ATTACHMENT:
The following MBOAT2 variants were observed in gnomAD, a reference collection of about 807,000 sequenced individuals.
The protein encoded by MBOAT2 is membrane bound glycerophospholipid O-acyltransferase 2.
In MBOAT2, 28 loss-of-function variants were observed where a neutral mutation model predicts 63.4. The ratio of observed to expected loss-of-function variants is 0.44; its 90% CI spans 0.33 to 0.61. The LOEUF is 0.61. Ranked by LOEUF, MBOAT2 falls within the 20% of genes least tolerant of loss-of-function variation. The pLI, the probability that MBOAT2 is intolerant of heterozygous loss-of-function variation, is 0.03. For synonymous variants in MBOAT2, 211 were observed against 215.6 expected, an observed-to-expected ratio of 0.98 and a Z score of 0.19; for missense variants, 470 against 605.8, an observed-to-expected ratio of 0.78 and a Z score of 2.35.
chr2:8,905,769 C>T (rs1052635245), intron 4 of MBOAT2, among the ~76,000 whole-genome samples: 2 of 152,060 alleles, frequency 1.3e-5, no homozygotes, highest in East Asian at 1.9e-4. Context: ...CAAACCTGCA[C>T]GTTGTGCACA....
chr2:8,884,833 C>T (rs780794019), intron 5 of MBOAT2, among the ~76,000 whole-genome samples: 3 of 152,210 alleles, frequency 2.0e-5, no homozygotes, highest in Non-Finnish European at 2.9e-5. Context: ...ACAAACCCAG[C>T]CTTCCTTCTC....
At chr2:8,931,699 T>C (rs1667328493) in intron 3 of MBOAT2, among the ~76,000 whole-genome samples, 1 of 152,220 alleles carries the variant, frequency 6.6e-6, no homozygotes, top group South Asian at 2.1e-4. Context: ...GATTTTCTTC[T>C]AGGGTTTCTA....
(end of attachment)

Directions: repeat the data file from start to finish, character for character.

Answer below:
The following MBOAT2 variants were observed in gnomAD, a reference collection of about 807,000 sequenced individuals.
The protein encoded by MBOAT2 is membrane bound glycerophospholipid O-acyltransferase 2.
In MBOAT2, 28 loss-of-function variants were observed where a neutral mutation model predicts 63.4. The ratio of observed to expected loss-of-function variants is 0.44; its 90% CI spans 0.33 to 0.61. The LOEUF is 0.61. Ranked by LOEUF, MBOAT2 falls within the 20% of genes least tolerant of loss-of-function variation. The pLI, the probability that MBOAT2 is intolerant of heterozygous loss-of-function variation, is 0.03. For synonymous variants in MBOAT2, 211 were observed against 215.6 expected, an observed-to-expected ratio of 0.98 and a Z score of 0.19; for missense variants, 470 against 605.8, an observed-to-expected ratio of 0.78 and a Z score of 2.35.
chr2:8,905,769 C>T (rs1052635245), intron 4 of MBOAT2, among the ~76,000 whole-genome samples: 2 of 152,060 alleles, frequency 1.3e-5, no homozygotes, highest in East Asian at 1.9e-4. Context: ...CAAACCTGCA[C>T]GTTGTGCACA....
chr2:8,884,833 C>T (rs780794019), intron 5 of MBOAT2, among the ~76,000 whole-genome samples: 3 of 152,210 alleles, frequency 2.0e-5, no homozygotes, highest in Non-Finnish European at 2.9e-5. Context: ...ACAAACCCAG[C>T]CTTCCTTCTC....
At chr2:8,931,699 T>C (rs1667328493) in intron 3 of MBOAT2, among the ~76,000 whole-genome samples, 1 of 152,220 alleles carries the variant, frequency 6.6e-6, no homozygotes, top group South Asian at 2.1e-4. Context: ...GATTTTCTTC[T>C]AGGGTTTCTA....